Note that in the diagram below the value of this foundational research does not stay static. You can’t just talk to your users once and call it a day. The market changes, technology trends change, your users change and hopefullyyour product changes. Your research becomes less relevant and more stale the older it gets.

This means that foundational research should be ongoing. Insight builds over time and you should never finish talking to and learning from your users.

Foundational research needs time to be conducted well. Teams need time to get out into the field and observe user behaviour. The team needs time to ask countless questions of countless users until you uncover that gold nugget of insight that so many companies before you have missed.


  • Discovery or ethnographic research
  • User interviews
  • Personas
  • Journey maps
  • Empathy maps
  • JTBD

Bringing foundational and directional together

These two streams of UX research can run independently of each other, allowing for both fast and slow research to exist side by side.

So how do I get it working with my teams?

If you’re a regular reader of Medium and the 1000s of articles on here that cover UX and product process, you’d already know that there isn’t a one-size-fits-all answer. You need to find what works for you.

So instead, here are 6 tips to help guide you through implementing your parallel UX process:

1. Your agile team is always the central and guiding force

For teams to be successful in an agile environment, they need to be truly self directed and autonomous. They need research to help inform their decisions, but they shouldn’t mindlessly do whatever the UX research says.

This means the agile team should feel empowered to both initiate research, and conduct it.

2. Be clever with batch sizes and time boxing

Testing one user early in the project is better than testing 50 near the end.
— Steve Krug

It can be tempting to want to conduct all your research at the start. It can be tempting to want to have the answer to every question before committing to any code.

This isn’t realistic. You can never know ‘everything’ there is to know about a specific topic. You may have noticed that the more you learn about something the more you learn you need to know.

You need to be able to break down your research into small, manageable, time-boxed chunks, and use what you learn to inform where you should research next.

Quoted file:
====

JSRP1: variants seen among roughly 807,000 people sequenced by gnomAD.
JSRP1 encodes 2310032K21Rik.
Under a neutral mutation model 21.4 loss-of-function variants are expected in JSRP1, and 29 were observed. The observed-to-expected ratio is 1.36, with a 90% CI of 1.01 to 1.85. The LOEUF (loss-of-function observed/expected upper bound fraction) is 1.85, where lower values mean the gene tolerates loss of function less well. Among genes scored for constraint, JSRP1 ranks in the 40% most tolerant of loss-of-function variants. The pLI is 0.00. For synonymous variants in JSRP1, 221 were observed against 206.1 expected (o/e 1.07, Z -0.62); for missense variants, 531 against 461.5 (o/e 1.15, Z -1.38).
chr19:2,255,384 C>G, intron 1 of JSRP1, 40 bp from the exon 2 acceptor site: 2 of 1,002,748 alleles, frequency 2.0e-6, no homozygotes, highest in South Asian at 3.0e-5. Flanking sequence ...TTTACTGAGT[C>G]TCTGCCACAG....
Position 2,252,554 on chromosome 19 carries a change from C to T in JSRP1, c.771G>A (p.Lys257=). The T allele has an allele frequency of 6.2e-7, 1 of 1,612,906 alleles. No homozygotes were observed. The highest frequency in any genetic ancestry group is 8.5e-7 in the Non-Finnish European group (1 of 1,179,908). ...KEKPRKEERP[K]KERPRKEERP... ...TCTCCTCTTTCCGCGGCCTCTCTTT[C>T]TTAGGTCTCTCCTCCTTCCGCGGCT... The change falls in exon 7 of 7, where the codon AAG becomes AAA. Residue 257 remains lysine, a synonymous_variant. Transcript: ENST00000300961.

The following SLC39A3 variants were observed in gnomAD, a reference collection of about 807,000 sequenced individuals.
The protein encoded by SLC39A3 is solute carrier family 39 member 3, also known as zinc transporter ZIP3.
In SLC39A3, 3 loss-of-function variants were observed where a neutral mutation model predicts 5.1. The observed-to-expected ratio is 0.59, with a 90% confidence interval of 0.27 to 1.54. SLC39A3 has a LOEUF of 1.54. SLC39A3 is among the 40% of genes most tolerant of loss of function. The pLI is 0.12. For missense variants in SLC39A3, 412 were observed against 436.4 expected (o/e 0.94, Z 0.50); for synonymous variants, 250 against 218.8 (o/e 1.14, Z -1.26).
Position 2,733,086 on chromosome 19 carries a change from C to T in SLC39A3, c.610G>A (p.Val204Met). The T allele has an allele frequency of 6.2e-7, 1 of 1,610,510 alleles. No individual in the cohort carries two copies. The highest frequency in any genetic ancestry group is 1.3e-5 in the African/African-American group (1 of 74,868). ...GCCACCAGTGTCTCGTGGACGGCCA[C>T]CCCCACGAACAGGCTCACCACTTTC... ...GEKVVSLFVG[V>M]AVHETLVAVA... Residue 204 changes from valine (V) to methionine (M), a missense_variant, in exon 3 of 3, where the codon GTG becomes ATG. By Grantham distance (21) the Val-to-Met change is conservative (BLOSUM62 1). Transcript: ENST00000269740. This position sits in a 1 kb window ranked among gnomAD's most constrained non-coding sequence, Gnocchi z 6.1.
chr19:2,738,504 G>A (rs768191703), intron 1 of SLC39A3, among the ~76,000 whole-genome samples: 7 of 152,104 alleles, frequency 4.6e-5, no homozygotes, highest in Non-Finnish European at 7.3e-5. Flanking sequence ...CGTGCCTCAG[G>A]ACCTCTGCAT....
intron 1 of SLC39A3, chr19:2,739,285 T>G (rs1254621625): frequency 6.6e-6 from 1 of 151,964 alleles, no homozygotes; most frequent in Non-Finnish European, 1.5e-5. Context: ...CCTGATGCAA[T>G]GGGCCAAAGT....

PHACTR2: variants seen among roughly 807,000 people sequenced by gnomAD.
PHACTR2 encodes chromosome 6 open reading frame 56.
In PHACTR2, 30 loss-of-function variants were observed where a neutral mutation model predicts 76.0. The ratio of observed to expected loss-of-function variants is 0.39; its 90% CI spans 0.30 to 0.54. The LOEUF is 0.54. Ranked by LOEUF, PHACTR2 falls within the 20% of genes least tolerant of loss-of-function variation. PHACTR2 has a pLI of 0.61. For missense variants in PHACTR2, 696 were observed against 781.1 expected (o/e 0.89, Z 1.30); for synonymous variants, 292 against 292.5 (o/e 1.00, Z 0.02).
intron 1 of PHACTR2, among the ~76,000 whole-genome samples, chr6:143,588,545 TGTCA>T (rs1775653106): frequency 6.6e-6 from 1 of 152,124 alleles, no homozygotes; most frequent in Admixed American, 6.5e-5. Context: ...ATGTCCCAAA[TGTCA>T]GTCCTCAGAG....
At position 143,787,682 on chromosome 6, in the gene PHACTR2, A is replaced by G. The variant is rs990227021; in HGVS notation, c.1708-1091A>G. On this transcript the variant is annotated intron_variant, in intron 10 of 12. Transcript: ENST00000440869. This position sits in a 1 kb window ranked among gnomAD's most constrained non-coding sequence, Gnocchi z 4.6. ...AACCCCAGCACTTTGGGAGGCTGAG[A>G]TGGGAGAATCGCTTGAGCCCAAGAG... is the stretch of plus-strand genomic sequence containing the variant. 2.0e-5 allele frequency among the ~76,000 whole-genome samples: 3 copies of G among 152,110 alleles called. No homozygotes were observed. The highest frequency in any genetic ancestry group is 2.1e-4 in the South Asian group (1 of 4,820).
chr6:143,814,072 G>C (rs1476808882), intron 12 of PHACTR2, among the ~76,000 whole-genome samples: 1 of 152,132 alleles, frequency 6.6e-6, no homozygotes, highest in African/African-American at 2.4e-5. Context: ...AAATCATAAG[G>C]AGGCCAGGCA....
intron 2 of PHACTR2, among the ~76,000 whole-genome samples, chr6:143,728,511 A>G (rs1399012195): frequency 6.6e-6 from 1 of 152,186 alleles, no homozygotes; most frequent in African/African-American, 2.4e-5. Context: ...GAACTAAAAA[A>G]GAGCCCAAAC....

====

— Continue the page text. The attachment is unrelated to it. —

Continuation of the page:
3. Use the power of the team to experiment

You are a cross-functional team. Act like it.

The best way to understand user behaviour is to build something, release it and see how users use it. Again, start small: ask yourself what is the smallest thing you can build to answer your key user question.

Will customers buy my product?

Develop a landing page, and see how many users click ‘Buy Now’.

Will customers use this feature?

Create a button for it and see if they click it.

Should the button say ‘Register’ or ‘Sign Up’?

Run an A/B test and find out.

Developers and testers can be a UX researcher’s best friend.

Once you have finished your experiments, make sure you take time to learn from what you have discovered, then implement it.

4. Find time to re-factor

(Good) developers take time to constantly refactor and clean up their code. We should take the time to do the same with our experiences and interface design.

Spending time removing technical debt makes code more reliable and sustainable; removing our UX debt does the same thing with our experiences.

Developers and product owners: if you spend a small time each sprint tidying up interface issues rather than charging ahead with more and more new features, you will find that your UI and UX designers will relax and start working with you instead of against you.

5. UX is a true cross-functional skill and responsibility

It is too important to be limited to just one team member.

You can’t just hire a ‘scrum master’ and call yourself an agile business. In the same way, you can’t just hire a single UX designer and call yourself human-centred.

Everyone on the team needs to be thinking about the user. The UX designer needs to be the facilitator of that effort. Not the owner.

6. When in doubt, embrace the Lean UX principles

In summary, UX research can’t be rushed but it also can’t be uncapped.

Some research activities will take longer than others, but it’s most important to differentiate between research that provides specific value in the moment vs. research that pays off strategically in the long run.

Foundational research methods will help you decide where you want to go, while directional methods will give you turn by turn directions for how to get there.

Hi, I’m Ben. By day, I’m the Founder & Head of Product Innovation at Beaker & Flint, where I help organisations design and deliver amazing customer experiences. By night you can find me running a trail or tinkering with code.
If this post sparked a question or idea you want to run by me, I’d love to chat it over with you. Reach out via the comments below or start a conversation via email here.